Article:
Educator Spotlight: Terrica McMillan, Jackson-Olin High School

IMG_0012Terrica McMillan, Health Sciences teacher at Jackson-Olin High School, and an integral contributor to the Academy of Health Sciences, brings a unique perspective to her classroom.   McMillan earned her BS in Respiratory Therapy and Masters in Health Science Education from University of Alabama at Birmingham, is a certified CPR instructor, and Asthma and Lactation Educator.  In addition to eleven years of experience in education – four years in Hoover City Schools and seven in Birmingham – McMillan has also been a practicing Pediatric Respiratory Therapist for 18 years, 15 of which she has spent at Children’s Hospital.

This abundance of real world experience is part of what makes her such a fantastic resource in the classroom.  McMillan employs a rigorous and engaging curriculum in her classes, and emphasizes the importance of making material relevant and in setting the bar high to encourage students to participate and perform at high levels.  As McMillan says, keeping a high standard for student performance “keeps them competitive and gives them an advantage over those who haven’t had the same exposure or coaching.” McMillan notes that while high expectations in the beginning may be shocking to some students, early complaints soon give way to a classroom that is characterized by mutual respect – among students for the teacher and from the teacher for her students.

IMG_0005McMillan and her team continues to work closely with Ed, most recently on the Bridging the Gap program, which started with a partnership between Jackson-Olin, Carver and the University of Alabama at Birmingham.  Of Ed, McMillan says, “The staff helps to lighten my load.  I provide my students with many opportunities, but it can be difficult to find the time to make phone calls, schedule appointments with business partners, or coordinate PR for our programs in between my regular classroom duties.  Ed staff continually assist me and my team with the business side so that we can focus on teaching and learning.”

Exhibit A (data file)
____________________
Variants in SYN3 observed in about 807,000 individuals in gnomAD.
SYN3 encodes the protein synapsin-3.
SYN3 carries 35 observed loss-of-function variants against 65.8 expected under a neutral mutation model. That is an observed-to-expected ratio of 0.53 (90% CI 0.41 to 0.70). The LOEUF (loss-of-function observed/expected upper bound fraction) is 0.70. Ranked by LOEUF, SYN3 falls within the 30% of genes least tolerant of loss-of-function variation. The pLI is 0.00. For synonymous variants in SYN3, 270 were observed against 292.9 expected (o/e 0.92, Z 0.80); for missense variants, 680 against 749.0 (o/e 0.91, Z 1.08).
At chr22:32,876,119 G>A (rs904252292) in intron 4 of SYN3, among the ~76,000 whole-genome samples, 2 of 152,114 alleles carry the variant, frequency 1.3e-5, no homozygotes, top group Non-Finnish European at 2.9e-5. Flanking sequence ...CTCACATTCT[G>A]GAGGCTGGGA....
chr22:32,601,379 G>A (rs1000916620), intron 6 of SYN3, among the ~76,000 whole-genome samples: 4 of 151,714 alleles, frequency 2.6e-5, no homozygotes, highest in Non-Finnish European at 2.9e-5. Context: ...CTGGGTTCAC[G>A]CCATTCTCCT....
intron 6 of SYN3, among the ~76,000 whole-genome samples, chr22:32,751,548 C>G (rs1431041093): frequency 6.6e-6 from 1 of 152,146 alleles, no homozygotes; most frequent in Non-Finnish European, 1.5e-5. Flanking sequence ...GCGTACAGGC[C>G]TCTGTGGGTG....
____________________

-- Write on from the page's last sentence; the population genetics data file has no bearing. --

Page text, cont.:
It is obvious that teaching and learning and McMillan’s priorities.  Her classroom is filled with diagrams drawn by students, paper bones and organs hanging from the ceiling, anatomical models and animal skulls, real clinical care equipment.  Students are constantly going over the technique for changing sheets on hospital beds, procedures for managing patient care, and taking each other’s blood pressure.  This is career and technical education in practice.

“The greatest joy,” McMillan says, “is witnessing a student make the connection between their schoolwork and the practical application of health sciences.” McMillan says her students often come back to her, thanking her for her efforts as a teacher, saying that because of her class, they are better prepared for post-secondary education and clinical professions.  Of her students as a whole, McMillan is wonderfully appreciative and positive: “They are an awesome group, very intelligent, very talented.”  

Ed is overjoyed to continue to support the efforts of outstanding educators like Terrica McMillan.  Check back next month for a new profile in our regular Educator Spotlight.

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